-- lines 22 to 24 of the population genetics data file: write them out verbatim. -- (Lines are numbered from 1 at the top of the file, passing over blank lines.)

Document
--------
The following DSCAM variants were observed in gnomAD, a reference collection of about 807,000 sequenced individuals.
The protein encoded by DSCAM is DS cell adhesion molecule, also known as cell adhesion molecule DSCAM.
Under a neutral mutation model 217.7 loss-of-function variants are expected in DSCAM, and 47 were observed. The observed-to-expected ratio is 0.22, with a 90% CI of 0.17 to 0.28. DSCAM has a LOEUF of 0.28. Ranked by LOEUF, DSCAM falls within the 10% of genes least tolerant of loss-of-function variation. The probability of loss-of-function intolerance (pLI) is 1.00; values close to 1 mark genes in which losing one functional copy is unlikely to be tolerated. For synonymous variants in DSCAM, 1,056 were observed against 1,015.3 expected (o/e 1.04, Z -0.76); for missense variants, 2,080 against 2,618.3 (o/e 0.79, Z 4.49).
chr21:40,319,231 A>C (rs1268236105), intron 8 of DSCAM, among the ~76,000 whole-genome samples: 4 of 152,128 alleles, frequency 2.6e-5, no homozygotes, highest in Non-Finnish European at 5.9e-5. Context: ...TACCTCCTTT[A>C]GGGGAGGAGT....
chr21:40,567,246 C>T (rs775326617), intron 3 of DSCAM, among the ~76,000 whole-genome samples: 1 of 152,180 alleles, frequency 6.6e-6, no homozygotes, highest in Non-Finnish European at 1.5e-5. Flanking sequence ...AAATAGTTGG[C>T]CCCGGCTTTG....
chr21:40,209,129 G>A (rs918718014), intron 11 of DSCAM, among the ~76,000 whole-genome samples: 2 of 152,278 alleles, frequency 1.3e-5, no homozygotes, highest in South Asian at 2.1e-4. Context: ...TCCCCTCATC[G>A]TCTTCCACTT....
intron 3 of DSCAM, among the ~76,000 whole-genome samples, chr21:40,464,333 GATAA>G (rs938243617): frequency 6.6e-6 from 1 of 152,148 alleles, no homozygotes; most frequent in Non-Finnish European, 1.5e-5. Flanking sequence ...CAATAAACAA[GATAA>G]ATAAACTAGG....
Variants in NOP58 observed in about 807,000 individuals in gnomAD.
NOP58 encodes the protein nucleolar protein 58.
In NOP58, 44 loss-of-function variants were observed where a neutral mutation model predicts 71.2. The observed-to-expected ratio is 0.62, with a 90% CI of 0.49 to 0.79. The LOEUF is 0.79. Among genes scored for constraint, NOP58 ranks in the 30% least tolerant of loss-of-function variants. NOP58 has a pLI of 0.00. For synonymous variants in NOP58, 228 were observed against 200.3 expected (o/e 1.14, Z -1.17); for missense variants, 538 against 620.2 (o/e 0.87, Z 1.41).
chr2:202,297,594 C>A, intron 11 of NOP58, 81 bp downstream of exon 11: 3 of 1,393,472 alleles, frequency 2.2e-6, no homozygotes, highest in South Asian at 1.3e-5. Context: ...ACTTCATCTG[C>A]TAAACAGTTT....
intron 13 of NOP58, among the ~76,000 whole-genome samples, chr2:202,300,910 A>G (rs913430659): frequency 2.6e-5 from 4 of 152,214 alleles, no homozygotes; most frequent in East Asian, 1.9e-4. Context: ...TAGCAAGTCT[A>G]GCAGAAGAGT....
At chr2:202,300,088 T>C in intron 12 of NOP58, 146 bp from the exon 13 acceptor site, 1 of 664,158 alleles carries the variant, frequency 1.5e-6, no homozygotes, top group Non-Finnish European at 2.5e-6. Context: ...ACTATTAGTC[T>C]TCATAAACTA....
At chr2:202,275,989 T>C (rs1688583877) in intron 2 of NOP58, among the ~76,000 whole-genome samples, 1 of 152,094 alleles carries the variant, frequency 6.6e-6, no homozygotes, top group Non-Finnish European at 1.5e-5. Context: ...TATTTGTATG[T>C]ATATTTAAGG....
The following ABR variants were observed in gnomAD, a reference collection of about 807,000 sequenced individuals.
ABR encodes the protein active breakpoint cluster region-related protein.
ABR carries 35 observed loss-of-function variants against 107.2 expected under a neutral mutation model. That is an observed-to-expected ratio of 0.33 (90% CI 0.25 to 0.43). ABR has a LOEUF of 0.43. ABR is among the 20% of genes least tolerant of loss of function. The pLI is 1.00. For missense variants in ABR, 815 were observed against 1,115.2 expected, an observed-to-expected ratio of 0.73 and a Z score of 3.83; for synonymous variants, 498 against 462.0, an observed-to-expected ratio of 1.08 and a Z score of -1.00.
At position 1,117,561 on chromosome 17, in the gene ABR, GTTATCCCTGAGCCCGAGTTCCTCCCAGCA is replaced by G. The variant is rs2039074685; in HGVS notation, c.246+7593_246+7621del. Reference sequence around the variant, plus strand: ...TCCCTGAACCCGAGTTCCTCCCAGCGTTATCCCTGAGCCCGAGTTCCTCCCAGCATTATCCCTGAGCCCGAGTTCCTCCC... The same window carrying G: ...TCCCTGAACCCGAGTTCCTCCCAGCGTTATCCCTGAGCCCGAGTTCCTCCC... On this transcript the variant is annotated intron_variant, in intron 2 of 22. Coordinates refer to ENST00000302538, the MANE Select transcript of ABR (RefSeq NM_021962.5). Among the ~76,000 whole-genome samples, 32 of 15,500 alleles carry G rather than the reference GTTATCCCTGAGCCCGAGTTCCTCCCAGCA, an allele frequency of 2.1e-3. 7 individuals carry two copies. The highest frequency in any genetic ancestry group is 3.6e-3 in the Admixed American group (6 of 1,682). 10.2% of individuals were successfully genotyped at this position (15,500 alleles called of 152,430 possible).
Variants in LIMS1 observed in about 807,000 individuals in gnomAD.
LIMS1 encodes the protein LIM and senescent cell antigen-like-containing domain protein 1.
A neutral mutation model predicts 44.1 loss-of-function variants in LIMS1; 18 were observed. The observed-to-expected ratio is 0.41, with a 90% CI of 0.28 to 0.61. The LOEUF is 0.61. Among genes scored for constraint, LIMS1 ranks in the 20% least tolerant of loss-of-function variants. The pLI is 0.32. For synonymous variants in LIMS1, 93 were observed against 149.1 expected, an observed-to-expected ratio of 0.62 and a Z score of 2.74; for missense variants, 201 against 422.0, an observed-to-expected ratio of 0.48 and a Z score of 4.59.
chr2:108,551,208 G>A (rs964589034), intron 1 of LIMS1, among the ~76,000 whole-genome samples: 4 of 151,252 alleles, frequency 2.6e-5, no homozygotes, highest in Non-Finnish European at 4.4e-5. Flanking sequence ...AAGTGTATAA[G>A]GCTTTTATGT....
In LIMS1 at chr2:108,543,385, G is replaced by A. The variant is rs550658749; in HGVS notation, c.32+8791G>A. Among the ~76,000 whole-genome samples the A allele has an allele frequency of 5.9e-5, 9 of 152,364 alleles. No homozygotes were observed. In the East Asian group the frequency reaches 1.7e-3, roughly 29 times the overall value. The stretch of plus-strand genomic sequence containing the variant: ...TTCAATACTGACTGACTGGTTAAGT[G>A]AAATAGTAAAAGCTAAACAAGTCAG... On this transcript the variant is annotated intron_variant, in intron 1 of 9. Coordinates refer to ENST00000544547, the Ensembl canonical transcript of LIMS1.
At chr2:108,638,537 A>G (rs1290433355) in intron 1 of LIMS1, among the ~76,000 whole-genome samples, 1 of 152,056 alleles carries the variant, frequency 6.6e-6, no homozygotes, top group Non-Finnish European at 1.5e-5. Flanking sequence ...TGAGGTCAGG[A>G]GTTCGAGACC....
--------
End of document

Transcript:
chr2:108,551,208 G>A (rs964589034), intron 1 of LIMS1, among the ~76,000 whole-genome samples: 4 of 151,252 alleles, frequency 2.6e-5, no homozygotes, highest in Non-Finnish European at 4.4e-5. Flanking sequence ...AAGTGTATAA[G>A]GCTTTTATGT....
In LIMS1 at chr2:108,543,385, G is replaced by A. The variant is rs550658749; in HGVS notation, c.32+8791G>A. Among the ~76,000 whole-genome samples the A allele has an allele frequency of 5.9e-5, 9 of 152,364 alleles. No homozygotes were observed. In the East Asian group the frequency reaches 1.7e-3, roughly 29 times the overall value. The stretch of plus-strand genomic sequence containing the variant: ...TTCAATACTGACTGACTGGTTAAGT[G>A]AAATAGTAAAAGCTAAACAAGTCAG... On this transcript the variant is annotated intron_variant, in intron 1 of 9. Coordinates refer to ENST00000544547, the Ensembl canonical transcript of LIMS1.
At chr2:108,638,537 A>G (rs1290433355) in intron 1 of LIMS1, among the ~76,000 whole-genome samples, 1 of 152,056 alleles carries the variant, frequency 6.6e-6, no homozygotes, top group Non-Finnish European at 1.5e-5. Flanking sequence ...TGAGGTCAGG[A>G]GTTCGAGACC....